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Telamon led out to hunt Phocus, the beloved son of Aeacus by his wife Psamathê. When a boar appeared, Telamon threw his spear at his hated brother and killed him. But his father drove him into exile.1 So Dorotheus in the first book of his Metamorphoses. Gaius Maximus had two sons, Similius and Rhesus, [p. 295] of whom this Rhesus, whom he begat from Ameria out of wedlock, killed his brother during a hunt; and when he returned home, he declared that the mischance was accidental, not deliberate. But his father recognized the truth and banished him. So Aristocles in the third book of his Italian History.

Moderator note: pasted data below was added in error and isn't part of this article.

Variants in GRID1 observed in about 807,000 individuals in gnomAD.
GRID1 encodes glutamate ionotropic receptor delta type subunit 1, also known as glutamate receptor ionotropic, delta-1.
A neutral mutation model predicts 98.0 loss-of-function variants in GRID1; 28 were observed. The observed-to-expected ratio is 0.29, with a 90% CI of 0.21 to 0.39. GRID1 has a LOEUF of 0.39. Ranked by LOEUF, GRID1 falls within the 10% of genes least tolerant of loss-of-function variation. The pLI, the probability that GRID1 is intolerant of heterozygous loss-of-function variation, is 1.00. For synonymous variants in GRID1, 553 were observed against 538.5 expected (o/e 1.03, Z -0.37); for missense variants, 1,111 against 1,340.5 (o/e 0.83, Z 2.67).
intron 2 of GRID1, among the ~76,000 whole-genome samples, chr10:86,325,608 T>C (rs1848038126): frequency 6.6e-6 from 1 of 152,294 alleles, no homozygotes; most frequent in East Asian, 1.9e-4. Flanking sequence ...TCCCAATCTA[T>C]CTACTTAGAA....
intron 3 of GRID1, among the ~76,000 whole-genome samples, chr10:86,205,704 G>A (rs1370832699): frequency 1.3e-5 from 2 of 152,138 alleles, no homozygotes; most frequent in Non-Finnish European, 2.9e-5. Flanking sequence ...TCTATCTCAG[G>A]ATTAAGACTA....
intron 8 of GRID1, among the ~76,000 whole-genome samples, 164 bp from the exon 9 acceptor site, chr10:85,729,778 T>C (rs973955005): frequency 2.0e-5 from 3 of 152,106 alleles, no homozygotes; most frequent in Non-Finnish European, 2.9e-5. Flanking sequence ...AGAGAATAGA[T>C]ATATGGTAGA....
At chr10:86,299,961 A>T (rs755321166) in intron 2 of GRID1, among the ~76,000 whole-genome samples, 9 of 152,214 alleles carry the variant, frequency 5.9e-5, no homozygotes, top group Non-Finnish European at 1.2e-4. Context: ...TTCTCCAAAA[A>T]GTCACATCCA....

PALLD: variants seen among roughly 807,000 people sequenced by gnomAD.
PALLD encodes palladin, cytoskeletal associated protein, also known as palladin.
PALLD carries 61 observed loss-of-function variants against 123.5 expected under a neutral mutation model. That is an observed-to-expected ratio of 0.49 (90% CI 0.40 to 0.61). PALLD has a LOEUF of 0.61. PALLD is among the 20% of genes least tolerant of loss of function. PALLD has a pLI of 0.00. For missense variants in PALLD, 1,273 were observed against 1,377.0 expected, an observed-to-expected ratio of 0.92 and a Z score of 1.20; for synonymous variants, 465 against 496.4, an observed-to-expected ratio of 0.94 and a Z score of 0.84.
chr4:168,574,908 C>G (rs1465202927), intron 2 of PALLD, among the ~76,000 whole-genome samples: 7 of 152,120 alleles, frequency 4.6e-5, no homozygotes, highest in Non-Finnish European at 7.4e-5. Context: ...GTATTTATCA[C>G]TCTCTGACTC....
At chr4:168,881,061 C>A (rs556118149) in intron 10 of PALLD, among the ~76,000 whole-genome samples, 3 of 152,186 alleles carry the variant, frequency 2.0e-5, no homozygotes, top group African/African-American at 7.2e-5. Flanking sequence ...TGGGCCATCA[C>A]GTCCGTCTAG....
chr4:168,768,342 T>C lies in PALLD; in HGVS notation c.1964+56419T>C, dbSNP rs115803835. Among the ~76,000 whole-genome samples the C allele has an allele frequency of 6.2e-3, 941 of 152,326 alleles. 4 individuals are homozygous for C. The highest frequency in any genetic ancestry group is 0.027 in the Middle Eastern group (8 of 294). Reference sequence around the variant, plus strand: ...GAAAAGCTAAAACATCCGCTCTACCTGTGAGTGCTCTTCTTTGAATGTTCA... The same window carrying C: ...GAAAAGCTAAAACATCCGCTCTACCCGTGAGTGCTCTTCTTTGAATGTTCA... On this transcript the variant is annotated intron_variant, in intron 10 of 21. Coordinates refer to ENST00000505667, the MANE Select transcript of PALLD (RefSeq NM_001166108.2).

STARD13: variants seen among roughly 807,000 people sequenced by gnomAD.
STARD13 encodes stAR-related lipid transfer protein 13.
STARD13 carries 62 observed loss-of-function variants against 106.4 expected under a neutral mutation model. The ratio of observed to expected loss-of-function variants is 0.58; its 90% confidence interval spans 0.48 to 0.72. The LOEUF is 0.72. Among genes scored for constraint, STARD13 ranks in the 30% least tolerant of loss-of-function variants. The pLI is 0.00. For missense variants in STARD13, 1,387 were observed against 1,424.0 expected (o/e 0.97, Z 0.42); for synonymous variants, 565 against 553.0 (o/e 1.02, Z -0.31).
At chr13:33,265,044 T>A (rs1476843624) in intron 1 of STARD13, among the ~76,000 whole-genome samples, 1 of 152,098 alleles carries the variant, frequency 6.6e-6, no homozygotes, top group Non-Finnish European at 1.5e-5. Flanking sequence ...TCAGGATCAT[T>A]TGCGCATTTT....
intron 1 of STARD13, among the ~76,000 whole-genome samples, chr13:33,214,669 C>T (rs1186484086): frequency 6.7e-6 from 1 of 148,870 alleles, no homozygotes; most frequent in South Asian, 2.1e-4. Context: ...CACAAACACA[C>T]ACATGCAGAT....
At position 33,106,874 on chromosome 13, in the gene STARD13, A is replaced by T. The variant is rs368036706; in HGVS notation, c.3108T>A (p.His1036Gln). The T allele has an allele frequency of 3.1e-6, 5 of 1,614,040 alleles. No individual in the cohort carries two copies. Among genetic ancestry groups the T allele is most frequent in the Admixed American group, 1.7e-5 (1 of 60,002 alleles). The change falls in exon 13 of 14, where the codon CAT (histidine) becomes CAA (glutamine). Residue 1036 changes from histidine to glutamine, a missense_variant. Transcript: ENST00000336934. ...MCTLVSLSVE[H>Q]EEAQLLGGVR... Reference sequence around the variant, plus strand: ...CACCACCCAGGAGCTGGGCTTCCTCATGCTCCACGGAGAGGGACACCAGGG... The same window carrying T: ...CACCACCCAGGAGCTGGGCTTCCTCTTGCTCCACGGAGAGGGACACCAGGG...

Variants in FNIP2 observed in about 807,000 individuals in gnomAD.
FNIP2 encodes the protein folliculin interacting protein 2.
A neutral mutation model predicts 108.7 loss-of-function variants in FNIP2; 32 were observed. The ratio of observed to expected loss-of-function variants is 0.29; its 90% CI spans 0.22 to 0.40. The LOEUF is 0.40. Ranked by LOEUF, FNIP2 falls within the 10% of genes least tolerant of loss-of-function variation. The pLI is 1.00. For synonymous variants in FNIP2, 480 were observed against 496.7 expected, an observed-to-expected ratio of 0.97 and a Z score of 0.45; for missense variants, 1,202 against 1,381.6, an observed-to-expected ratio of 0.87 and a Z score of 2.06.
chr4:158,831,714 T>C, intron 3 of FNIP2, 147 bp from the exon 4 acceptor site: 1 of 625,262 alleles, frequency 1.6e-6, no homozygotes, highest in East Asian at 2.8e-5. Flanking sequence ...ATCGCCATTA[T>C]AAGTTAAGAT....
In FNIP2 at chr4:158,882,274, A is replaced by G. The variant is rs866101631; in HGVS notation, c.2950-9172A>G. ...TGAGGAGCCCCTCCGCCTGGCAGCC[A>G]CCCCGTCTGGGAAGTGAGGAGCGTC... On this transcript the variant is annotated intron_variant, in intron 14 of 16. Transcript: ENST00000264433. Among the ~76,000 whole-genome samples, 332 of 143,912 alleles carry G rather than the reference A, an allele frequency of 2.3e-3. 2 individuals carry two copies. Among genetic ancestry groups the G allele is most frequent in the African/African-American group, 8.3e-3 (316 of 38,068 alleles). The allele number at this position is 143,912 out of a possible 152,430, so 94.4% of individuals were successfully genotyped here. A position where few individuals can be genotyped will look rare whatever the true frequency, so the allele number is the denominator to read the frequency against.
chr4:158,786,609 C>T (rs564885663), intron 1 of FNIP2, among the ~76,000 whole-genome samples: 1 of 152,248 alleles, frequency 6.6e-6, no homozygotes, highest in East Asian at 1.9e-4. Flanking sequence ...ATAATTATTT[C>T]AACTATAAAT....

1 Cf. Frazer on Apollodorus, iii. 12. 6 (L.C.L. vol. ii. p. 57).